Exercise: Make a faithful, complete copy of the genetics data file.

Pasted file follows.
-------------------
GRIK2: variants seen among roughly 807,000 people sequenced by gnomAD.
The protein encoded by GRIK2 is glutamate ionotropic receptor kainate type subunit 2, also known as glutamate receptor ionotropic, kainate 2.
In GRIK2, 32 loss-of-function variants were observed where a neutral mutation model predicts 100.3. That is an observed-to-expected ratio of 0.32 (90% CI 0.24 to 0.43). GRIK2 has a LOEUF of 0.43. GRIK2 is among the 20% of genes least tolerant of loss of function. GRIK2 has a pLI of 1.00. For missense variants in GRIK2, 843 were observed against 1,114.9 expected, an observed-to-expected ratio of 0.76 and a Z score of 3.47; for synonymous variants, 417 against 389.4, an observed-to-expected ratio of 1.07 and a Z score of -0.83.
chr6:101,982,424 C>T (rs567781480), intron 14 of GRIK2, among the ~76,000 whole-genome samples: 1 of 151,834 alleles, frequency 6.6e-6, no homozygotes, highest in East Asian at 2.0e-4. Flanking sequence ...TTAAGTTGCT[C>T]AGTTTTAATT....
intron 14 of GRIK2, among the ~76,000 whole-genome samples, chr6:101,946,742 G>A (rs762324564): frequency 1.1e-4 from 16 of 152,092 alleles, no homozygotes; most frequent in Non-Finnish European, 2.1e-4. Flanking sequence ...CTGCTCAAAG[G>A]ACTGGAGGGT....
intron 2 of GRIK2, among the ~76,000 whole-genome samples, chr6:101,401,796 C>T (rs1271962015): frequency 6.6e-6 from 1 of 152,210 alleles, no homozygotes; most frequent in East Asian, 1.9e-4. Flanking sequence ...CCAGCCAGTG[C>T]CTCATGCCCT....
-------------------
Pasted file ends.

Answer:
GRIK2: variants seen among roughly 807,000 people sequenced by gnomAD.
The protein encoded by GRIK2 is glutamate ionotropic receptor kainate type subunit 2, also known as glutamate receptor ionotropic, kainate 2.
In GRIK2, 32 loss-of-function variants were observed where a neutral mutation model predicts 100.3. That is an observed-to-expected ratio of 0.32 (90% CI 0.24 to 0.43). GRIK2 has a LOEUF of 0.43. GRIK2 is among the 20% of genes least tolerant of loss of function. GRIK2 has a pLI of 1.00. For missense variants in GRIK2, 843 were observed against 1,114.9 expected, an observed-to-expected ratio of 0.76 and a Z score of 3.47; for synonymous variants, 417 against 389.4, an observed-to-expected ratio of 1.07 and a Z score of -0.83.
chr6:101,982,424 C>T (rs567781480), intron 14 of GRIK2, among the ~76,000 whole-genome samples: 1 of 151,834 alleles, frequency 6.6e-6, no homozygotes, highest in East Asian at 2.0e-4. Flanking sequence ...TTAAGTTGCT[C>T]AGTTTTAATT....
intron 14 of GRIK2, among the ~76,000 whole-genome samples, chr6:101,946,742 G>A (rs762324564): frequency 1.1e-4 from 16 of 152,092 alleles, no homozygotes; most frequent in Non-Finnish European, 2.1e-4. Flanking sequence ...CTGCTCAAAG[G>A]ACTGGAGGGT....
intron 2 of GRIK2, among the ~76,000 whole-genome samples, chr6:101,401,796 C>T (rs1271962015): frequency 6.6e-6 from 1 of 152,210 alleles, no homozygotes; most frequent in East Asian, 1.9e-4. Flanking sequence ...CCAGCCAGTG[C>T]CTCATGCCCT....